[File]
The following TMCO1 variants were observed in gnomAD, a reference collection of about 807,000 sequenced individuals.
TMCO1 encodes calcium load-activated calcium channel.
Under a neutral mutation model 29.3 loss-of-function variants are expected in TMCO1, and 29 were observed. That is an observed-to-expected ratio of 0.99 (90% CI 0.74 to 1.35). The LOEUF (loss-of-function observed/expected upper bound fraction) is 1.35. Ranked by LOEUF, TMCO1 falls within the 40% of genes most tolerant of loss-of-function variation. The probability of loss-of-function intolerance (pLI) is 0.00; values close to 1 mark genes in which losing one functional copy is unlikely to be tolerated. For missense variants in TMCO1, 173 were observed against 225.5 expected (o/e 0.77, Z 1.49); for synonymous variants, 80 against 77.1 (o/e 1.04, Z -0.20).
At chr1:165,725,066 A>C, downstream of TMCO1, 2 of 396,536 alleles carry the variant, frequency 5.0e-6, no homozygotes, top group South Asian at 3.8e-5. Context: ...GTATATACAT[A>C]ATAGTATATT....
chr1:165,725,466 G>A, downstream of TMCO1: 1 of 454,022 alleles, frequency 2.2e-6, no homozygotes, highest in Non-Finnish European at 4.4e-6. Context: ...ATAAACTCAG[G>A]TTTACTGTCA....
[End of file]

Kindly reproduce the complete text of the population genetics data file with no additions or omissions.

The following TMCO1 variants were observed in gnomAD, a reference collection of about 807,000 sequenced individuals.
TMCO1 encodes calcium load-activated calcium channel.
Under a neutral mutation model 29.3 loss-of-function variants are expected in TMCO1, and 29 were observed. That is an observed-to-expected ratio of 0.99 (90% CI 0.74 to 1.35). The LOEUF (loss-of-function observed/expected upper bound fraction) is 1.35. Ranked by LOEUF, TMCO1 falls within the 40% of genes most tolerant of loss-of-function variation. The probability of loss-of-function intolerance (pLI) is 0.00; values close to 1 mark genes in which losing one functional copy is unlikely to be tolerated. For missense variants in TMCO1, 173 were observed against 225.5 expected (o/e 0.77, Z 1.49); for synonymous variants, 80 against 77.1 (o/e 1.04, Z -0.20).
At chr1:165,725,066 A>C, downstream of TMCO1, 2 of 396,536 alleles carry the variant, frequency 5.0e-6, no homozygotes, top group South Asian at 3.8e-5. Context: ...GTATATACAT[A>C]ATAGTATATT....
chr1:165,725,466 G>A, downstream of TMCO1: 1 of 454,022 alleles, frequency 2.2e-6, no homozygotes, highest in Non-Finnish European at 4.4e-6. Context: ...ATAAACTCAG[G>A]TTTACTGTCA....